There is another village now forming on a pleasant eminence, near the west meeting-house, promising, at no very distant period, a centre of business. There is a meeting-house in each of these villages.

Churches. The early church records of this town are lost, and the date of the formation of the First Congregational Church is not ascertained. Rev. Phineas Stevens, A.M. who was graduated at Harvard College in 1734, was the first minister. He was ordained over the church at Contoocook, the original name, the 29th October, 1740, and died the 19th January, 1755. He was succeeded by Rev. Robie Morrill, A. M. who was graduated at Harvard College in 1755, and was ordained 29th December, 1761. He was regularly dismissed 9th December, 1766. Mr. Morrill was succeeded by Rev. Nathaniel Merrill, A. B. who was graduated at Harvard College in 1767. He was ordain

ed the 26th October, 1768, and dismissed the 1st April, 1774. Mr. Merrill was succeeded by Rev. Samuel Wood, D. D. a native of Connecticut, who was graduated at Dartmouth College in 1779. He was ordained the 17th October, 1781, when his church consisted of 20 members. The civil contract between him and the town being dissolved, the religious society over which he presides was formed in 1802, and incorporated the 18th June, 1807. His connexions with the church have ever remained.

The Second Religious Society was formed the 20th March, 1804, and incorporated the 19th June, 1810. The Second Congregational Church was organized the 10th September, 1804, and Rev. Ebenezer Price, A. M. was installed on the 26th of the same month. Mr. Price is a native of Newburyport, was graduated at Dartmouth College, 1793, and had, previously to his settlement in this town, been ordained at Belfast in Maine. The number of communicants in both churches, in 1819, was about 300. Two hundred and fifty-nine have been added to the first, and ninety-two to the second church, since the settlement of their respective pastors.

History. This town was granted by the General Court of Massachusetts Bay, in 1733, to ninety-one proprietors, who held their first meeting on the 2d May, at Newburyport. The proprietors gave to it the name Contoocook, its original Indian name, which it retained until the town was incorporated. It was divided into 104 shares, of which 91 were appropriated to the proprietors, 9 to gentlemen for their services and influence, and 4 for publick uses. The first settlement commenced, early in the season of 1734, by Nathaniel Danforth, Andrew Bohonnon, Moses Burbank, Stephen Gerrish and Edward Emery. Others soon followed, to the number of 27 families. On the 7th January, 1735, Abigail Danforth was born, the first child of European extract born in the place ; and she with the two next born were living in 1819. To defend these families against the hostilities of the Indians, the proprietors built for them, in 1739, a log fort, 100 feet square and 10 feet high, where they and succeeding settlers lived in garrison several years. They had previously built a convenient log house for divine worship and their publick meetings. Notwithstanding the protection afforded by these means of security, several persons were killed in 1746, and others taken prisoners. Among the killed were Elisha Cook and his son, with a man of colour; of the prisoners were Thomas Jones, Enos Bishop and Nathaniel Maloon, his wife and whole family (excepting one son) who were carried to Canada. Mr. Jones died in captivity.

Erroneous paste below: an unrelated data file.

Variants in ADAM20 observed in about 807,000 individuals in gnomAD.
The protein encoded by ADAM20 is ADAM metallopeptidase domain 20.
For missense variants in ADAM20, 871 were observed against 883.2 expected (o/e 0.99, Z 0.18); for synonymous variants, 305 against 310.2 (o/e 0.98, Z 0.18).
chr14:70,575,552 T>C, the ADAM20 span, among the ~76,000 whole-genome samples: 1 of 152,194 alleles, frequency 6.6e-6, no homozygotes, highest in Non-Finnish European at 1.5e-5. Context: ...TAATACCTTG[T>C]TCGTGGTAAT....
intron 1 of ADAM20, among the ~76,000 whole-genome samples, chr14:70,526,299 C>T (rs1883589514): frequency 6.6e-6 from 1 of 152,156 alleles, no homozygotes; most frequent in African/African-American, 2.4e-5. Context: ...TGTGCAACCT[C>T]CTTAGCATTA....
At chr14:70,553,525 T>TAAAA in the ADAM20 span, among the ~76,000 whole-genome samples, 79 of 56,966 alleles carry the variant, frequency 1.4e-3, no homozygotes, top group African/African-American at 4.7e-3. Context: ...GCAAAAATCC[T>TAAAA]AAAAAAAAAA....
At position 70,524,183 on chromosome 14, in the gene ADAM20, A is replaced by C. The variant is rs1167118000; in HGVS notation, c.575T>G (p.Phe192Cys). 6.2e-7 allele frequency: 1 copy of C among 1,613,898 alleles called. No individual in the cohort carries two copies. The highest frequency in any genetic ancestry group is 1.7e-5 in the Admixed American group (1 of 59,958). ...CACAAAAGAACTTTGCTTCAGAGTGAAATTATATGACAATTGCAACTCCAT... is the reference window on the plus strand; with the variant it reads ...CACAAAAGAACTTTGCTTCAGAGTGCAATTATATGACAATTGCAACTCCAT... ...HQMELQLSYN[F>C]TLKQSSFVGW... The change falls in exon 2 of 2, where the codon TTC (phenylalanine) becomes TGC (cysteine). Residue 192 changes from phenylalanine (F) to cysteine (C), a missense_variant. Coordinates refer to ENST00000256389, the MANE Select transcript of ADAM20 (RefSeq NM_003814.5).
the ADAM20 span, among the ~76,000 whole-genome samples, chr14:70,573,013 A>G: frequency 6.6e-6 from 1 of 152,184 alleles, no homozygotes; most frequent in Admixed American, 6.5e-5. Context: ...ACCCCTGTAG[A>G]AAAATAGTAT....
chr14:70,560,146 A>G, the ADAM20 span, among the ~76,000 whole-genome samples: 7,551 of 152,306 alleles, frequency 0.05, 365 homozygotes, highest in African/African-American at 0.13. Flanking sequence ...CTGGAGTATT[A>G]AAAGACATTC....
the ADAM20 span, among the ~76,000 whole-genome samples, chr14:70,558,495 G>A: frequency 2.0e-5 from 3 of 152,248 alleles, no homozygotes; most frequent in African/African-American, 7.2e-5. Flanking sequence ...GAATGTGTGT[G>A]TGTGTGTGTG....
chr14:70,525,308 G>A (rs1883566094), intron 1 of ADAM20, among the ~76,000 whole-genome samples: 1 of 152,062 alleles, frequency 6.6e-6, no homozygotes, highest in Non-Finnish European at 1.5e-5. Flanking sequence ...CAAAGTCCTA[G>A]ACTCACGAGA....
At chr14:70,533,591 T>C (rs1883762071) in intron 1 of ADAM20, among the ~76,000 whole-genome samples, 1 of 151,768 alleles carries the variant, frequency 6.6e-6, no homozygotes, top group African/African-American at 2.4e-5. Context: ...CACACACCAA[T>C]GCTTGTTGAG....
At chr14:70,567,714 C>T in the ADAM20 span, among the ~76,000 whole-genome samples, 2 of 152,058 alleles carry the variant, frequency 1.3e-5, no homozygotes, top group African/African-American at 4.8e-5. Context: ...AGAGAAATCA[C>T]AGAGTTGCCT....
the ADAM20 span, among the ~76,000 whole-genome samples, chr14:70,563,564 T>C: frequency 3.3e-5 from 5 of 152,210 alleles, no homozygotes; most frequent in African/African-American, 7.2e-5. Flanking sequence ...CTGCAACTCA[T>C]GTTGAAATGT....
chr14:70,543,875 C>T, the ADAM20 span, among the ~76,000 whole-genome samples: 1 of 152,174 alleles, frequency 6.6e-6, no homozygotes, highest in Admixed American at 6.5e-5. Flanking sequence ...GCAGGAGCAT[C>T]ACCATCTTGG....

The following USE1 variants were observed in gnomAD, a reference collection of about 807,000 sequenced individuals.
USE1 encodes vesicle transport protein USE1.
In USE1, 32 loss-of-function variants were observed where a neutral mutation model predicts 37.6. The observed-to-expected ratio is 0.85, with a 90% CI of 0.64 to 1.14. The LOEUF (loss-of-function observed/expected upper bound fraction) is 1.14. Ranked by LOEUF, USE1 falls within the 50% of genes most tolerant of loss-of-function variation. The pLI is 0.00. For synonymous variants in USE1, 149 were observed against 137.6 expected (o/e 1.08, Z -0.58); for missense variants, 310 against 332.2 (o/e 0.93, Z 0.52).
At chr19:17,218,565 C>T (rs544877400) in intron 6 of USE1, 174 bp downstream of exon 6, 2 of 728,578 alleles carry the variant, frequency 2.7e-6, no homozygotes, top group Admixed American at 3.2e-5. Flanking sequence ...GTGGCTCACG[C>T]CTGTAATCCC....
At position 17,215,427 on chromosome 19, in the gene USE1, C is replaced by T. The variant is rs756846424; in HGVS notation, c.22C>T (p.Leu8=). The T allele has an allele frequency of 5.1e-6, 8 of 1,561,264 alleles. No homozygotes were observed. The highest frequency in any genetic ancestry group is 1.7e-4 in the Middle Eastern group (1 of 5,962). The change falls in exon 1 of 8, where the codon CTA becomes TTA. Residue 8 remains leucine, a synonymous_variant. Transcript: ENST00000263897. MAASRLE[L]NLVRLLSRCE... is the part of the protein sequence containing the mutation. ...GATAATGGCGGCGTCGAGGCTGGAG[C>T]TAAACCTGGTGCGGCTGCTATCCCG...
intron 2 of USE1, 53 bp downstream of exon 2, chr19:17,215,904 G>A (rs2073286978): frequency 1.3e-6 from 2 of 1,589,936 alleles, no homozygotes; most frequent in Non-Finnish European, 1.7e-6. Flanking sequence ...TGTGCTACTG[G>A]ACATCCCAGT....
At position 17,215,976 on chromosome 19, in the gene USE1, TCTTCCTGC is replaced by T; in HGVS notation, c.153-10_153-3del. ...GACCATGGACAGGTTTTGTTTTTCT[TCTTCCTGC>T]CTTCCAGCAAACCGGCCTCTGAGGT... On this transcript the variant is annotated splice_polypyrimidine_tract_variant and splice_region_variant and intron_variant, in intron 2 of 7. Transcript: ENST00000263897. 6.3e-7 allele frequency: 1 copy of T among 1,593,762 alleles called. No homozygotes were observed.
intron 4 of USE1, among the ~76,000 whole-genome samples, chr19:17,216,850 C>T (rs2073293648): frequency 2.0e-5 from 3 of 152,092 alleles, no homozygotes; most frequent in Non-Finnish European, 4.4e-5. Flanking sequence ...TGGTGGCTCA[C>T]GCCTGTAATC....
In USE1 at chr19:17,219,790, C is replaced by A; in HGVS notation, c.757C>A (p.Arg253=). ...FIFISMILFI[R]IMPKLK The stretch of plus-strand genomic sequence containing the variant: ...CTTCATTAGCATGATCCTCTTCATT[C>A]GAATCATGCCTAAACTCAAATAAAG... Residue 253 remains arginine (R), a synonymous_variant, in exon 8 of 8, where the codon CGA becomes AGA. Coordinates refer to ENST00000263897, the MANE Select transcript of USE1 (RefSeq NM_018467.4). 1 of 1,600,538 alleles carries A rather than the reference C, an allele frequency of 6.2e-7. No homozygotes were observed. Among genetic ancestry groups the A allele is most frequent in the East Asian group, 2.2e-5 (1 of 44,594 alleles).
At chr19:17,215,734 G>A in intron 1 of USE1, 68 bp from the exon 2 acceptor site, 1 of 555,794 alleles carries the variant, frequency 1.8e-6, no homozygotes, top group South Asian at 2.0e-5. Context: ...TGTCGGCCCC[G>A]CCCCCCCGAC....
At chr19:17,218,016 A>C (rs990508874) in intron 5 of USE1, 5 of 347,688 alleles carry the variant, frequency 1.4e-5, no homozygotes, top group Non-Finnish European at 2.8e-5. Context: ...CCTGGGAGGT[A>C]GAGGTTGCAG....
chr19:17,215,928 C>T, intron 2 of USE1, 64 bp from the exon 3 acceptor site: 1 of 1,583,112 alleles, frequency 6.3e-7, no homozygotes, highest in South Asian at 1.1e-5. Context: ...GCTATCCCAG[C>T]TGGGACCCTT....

Contoocook was incorporated the 22d April, 1760, when it received the name of BOSCAWEN, in compliment to Edward Boscawen, a celebrated English admiral, who died the 10th June, 1761. The first town meeting was on the 18th June, 1760, when George Jackman was chosen town clerk, and continued in that office thirty-six years successively. This venerable man is still living, in the 85th year of his age, in the possession of his faculties, and displaying great vigour of mind. He was twenty-two years one of the selectmen, four years representative to the General Court, twice a delegate to the State Convention, fifty-nine years proprietor's clerk, and bas been a member of the church forty-four years. He was commissioned a justice of the peace under George II. and bas been in commission under all the changes of government since, and perhaps has been the longest in commission of any man in the state.

For the greater part of the preceding account, the writer acknowledges his obligations to the Rev. Dr. Wood, and Rev. Mr. Price, ministers of said town, who kindly furnished him with a valuable document relative to its topography and early bistory.


MER Amherst, N. H. 4 January, 1821.